Question: I am trying to get the CUT_EDGE references of a given wall using the API. At the moment I can get part of the references based on the Wall geometry. I first go to the Solids and for each edge of the solid I check if the Reference is of type CUT_EDGE. This works but does not get all the options (I see more when generating a dimension line manually in the UI of Revit).
For example, I have the wall seen in this image:
The dimension is attached to the following
But when I run over all the edges of the wall, I only get the following options:
I tested setting visibility options, detail options, and
IncludeNonVisibleObjects, but nothing helps.
I think knowing better what the structure of the stable representations mean could help a lot.
Answer: Here is my finding that actually worked, for example using the Stable Representation 3aecdde0-f1aa-42b2-a208-f740e7a17720-003f7f7f:8:CUT_EDGE/0/1.
- 3aecdde0-f1aa-42b2-a208-f740e7a17720-003f7f7f: Refers to the element itself
- 8: Is the ID of the face of the Revit
- CUT_EDGE/0/1: This is the type and location of the Reference. It is CUT_EDGE type, the
1means which edge of the face, and the
0is its end-point index.
My original findings were correct; I was just missing the index of the end-point of the edge I found. All this is possible to find via the Edges of the Solids that are part of the geometry of an Element.
Many thanks to Joseph for his research and clear explanation!
It provides a welcome addition to The Building Coder collection of stable representation magic voodoo information:
- Reference Stable Representation Magic Voodoo
- Voodoo Magic Retrieves Global Instance Edges
- Hatch Line Dimensioning Voodoo
- Picked Instance Face Geometry in LCS Versus WCS
- Reformat Stable Representation String for Dimensioning
- Stable Reference Relationships
- Stable Representation Voodoo for Reference Intersector with Links
Let's round off the Revit-related topics with a short note to point out Lejla Secerbegovic' article on Revit, IFC and coordinate systems.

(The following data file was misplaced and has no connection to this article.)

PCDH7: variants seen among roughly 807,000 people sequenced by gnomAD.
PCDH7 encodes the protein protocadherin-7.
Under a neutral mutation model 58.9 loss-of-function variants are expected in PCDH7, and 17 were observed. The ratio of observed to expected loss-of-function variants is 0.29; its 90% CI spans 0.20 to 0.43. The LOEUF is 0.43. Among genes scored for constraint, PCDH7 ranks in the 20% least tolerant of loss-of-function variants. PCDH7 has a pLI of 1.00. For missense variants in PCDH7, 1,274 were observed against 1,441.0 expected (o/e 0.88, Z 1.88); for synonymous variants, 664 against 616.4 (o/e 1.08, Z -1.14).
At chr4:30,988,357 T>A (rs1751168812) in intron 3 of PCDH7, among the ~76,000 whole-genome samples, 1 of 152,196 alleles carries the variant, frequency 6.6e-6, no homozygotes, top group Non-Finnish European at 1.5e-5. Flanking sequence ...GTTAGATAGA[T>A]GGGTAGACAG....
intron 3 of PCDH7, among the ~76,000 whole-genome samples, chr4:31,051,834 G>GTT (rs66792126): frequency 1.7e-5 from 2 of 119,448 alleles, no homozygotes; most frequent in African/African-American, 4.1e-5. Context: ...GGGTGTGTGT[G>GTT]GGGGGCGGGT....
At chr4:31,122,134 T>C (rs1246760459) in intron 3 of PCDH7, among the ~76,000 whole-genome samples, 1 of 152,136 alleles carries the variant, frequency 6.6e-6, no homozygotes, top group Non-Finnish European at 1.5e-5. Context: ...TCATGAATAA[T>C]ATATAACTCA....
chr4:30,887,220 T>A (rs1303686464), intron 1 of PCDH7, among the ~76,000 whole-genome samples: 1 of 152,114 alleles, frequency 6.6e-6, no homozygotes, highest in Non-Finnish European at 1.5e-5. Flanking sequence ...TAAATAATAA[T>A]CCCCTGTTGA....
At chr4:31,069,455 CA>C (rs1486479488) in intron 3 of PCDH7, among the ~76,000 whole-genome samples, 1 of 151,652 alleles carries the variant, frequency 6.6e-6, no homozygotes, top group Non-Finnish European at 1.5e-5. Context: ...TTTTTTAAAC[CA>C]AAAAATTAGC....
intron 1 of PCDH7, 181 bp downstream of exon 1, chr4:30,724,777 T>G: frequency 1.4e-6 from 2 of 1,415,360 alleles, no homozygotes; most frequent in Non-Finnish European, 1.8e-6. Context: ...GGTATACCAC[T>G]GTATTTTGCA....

Moving from the Revit API to my other favourite topic, AI et al: deepfakes of Chinese influencers are livestreaming 24/7:
With just a few minutes of sample video and $1,000 in costs, brands can clone a human streamer to work 24/7.
Closing with another AI-related topic, an experiment reveals how people can make use of generative AI, but also misuse it, and thus how people can create – and destroy – value with generative AI:
Key Takeaways – A first-of-its-kind scientific experiment finds that people mistrust generative AI in areas where it can contribute tremendous value and trust it too much where the technology isn’t competent:
- Around 90% of participants improved their performance when using GenAI for creative ideation. People did best when they did not attempt to edit GPT-4’s output.
- When working on business problem solving, a task outside the tool’s current competence, many participants took GPT-4's misleading output at face value. Their performance was 23% worse than those who didn’t use the tool at all.
- Adopting generative AI is a massive change management effort. The job of the leader is to help people use the new technology in the right way, for the right tasks and to continually adjust and adapt in the face of GenAI’s ever-expanding frontier.